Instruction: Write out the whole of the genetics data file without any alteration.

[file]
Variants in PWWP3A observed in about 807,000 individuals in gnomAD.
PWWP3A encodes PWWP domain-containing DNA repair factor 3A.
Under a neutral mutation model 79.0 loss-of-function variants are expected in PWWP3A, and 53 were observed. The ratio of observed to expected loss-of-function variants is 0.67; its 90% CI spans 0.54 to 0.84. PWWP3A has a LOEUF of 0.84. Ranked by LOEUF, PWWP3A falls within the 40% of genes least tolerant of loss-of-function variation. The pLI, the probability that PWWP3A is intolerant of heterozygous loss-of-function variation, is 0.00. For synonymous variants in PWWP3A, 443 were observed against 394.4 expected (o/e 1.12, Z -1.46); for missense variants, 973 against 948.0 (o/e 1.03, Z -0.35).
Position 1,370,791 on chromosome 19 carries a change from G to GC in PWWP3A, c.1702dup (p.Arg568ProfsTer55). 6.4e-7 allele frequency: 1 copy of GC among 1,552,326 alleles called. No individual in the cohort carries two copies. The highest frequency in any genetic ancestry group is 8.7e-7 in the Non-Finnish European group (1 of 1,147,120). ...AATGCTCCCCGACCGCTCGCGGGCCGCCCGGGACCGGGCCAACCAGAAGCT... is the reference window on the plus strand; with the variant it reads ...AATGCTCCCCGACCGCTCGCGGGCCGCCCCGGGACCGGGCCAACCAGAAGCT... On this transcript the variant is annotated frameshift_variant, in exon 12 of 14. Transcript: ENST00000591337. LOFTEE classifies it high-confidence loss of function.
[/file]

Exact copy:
Variants in PWWP3A observed in about 807,000 individuals in gnomAD.
PWWP3A encodes PWWP domain-containing DNA repair factor 3A.
Under a neutral mutation model 79.0 loss-of-function variants are expected in PWWP3A, and 53 were observed. The ratio of observed to expected loss-of-function variants is 0.67; its 90% CI spans 0.54 to 0.84. PWWP3A has a LOEUF of 0.84. Ranked by LOEUF, PWWP3A falls within the 40% of genes least tolerant of loss-of-function variation. The pLI, the probability that PWWP3A is intolerant of heterozygous loss-of-function variation, is 0.00. For synonymous variants in PWWP3A, 443 were observed against 394.4 expected (o/e 1.12, Z -1.46); for missense variants, 973 against 948.0 (o/e 1.03, Z -0.35).
Position 1,370,791 on chromosome 19 carries a change from G to GC in PWWP3A, c.1702dup (p.Arg568ProfsTer55). 6.4e-7 allele frequency: 1 copy of GC among 1,552,326 alleles called. No individual in the cohort carries two copies. The highest frequency in any genetic ancestry group is 8.7e-7 in the Non-Finnish European group (1 of 1,147,120). ...AATGCTCCCCGACCGCTCGCGGGCCGCCCGGGACCGGGCCAACCAGAAGCT... is the reference window on the plus strand; with the variant it reads ...AATGCTCCCCGACCGCTCGCGGGCCGCCCCGGGACCGGGCCAACCAGAAGCT... On this transcript the variant is annotated frameshift_variant, in exon 12 of 14. Transcript: ENST00000591337. LOFTEE classifies it high-confidence loss of function.